Joan Anderson is the author of numerous children’s novels and author of Breaking the TV Habit. A year by the Sea: Thoughts of an Unfinished Woman is her first narrative non-fiction piece, and it has now been produced into a movie! She has also written The Second Journey and A Walk on the Beach and A Weekend to Change your Life (I have not read these books). She lives in Cape Cod and conducts her popular workshops by the sea.

To learn more about Joan Anderson and to purchase A Year by the Sea: Thoughts of an Unfinished Woman, visit: joanandersononline.com.

Joan Anderson, Vilma Reynoso

“I am unfinished as the shoreline along the beach, meant to transcend myself again and again.” – Joan Anderson

Vilma Reynoso, www.vilmareynoso.com, Inspiration for Creative Health. Abundant Life.

Copyright, 2014, Vilma Reynoso

 


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Expression Lives

Spring, Vilma Reynoso

I have learned that oppression is the opposite of expression, and those who oppress (in any form), live in constant fear. Oppression is the stifling of man and nature’s creative and exploratory need. The best way to stop oppression is to live in the opposite way: be the person who recognizes oppression and stands against it; be the person with an open and not brainwashed mind; be the person who loves expression, because expression is why we are here; be the person who sees and recognizes the creative source in all human beings; be the person who honors and loves all beings; be the person who encourages expression and not oppression.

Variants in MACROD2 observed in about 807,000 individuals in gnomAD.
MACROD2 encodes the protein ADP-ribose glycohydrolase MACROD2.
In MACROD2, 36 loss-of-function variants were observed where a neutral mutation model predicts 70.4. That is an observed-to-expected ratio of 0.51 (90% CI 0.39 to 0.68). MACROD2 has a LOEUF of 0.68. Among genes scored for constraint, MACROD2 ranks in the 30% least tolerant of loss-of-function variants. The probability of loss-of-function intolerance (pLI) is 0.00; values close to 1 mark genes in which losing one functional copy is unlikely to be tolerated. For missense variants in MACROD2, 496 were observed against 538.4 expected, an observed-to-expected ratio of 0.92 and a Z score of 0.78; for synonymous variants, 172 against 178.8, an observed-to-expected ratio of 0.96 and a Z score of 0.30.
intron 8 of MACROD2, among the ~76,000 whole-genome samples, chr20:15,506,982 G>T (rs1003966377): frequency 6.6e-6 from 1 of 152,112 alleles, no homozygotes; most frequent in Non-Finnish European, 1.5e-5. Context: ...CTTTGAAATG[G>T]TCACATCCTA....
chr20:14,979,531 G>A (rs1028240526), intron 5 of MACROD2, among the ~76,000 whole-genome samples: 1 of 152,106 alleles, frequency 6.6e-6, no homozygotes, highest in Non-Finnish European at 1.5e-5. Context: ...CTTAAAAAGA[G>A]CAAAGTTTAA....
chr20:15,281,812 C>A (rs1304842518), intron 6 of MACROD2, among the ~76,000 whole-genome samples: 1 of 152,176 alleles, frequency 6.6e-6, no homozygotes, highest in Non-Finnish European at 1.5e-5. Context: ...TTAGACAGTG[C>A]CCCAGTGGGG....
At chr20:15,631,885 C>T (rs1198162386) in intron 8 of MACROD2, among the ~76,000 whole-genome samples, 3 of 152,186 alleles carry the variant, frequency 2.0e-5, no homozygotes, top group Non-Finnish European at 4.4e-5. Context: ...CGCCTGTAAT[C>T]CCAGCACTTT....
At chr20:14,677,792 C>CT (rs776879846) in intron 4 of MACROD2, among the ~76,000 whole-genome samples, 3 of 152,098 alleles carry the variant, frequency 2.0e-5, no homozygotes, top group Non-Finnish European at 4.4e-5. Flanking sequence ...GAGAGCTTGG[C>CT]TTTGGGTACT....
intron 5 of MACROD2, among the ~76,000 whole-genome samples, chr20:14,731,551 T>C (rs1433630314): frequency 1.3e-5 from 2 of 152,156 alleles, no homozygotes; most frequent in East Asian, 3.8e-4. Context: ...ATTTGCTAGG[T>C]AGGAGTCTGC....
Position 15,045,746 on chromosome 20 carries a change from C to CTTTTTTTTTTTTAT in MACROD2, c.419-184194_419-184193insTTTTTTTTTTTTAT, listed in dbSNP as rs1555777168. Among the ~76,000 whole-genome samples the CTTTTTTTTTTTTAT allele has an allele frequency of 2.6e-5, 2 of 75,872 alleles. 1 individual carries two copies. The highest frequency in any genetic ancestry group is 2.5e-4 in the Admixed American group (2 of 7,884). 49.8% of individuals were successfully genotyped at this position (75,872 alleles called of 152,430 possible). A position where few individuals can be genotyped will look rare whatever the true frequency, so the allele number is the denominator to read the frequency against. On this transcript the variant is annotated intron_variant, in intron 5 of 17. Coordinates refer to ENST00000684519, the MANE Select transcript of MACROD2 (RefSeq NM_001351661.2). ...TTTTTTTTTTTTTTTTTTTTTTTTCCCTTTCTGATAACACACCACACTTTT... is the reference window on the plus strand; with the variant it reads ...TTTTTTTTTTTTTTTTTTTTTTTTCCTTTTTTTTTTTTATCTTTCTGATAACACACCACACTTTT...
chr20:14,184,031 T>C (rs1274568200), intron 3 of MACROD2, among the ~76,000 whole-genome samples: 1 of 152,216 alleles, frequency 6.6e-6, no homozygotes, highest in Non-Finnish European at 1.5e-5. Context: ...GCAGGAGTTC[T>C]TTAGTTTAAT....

Today is the first day of spring. All nature wants to be expressive. If you can, take a walk outside today and honor the life force that seeks to express itself and bloom every spring. Watch the plants, grasses and flowers begin their process of becoming. Just like plant life seeks to express itself, we seek and need to “bloom,” too. It is natural and innate. Be a person who helps the world BLOOM, in your own special way.

Wishing you all an expressive and creative Thursday, March 20th, 2014, the first day of the spring equinox!

Express!

Vilma Reynoso, www.vilmareynoso.com, Inspiration for Creative Health. Abundant Life.

Copyright, 2014, Vilma Reynoso


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March Book Review: The Legacy of Luna: The Story of a Tree, a Woman, and the Struggle to Save the Redwoods by Julia Butterfly Hill

Julia Butterfly Hill, Luna, VIlma ReynosoThere is a moment in our lives when we truly come to know and understand the relationship we have with creation and nature. Nothing is ever the same again. I, as well as this courageous activist and author, Julia Butterfly Hill in The Legacy of Luna: The Story of a Tree, a Woman, and the Struggle to Save the Redwoods, in one life-changing, delicate moment in the Redwoods, understood this.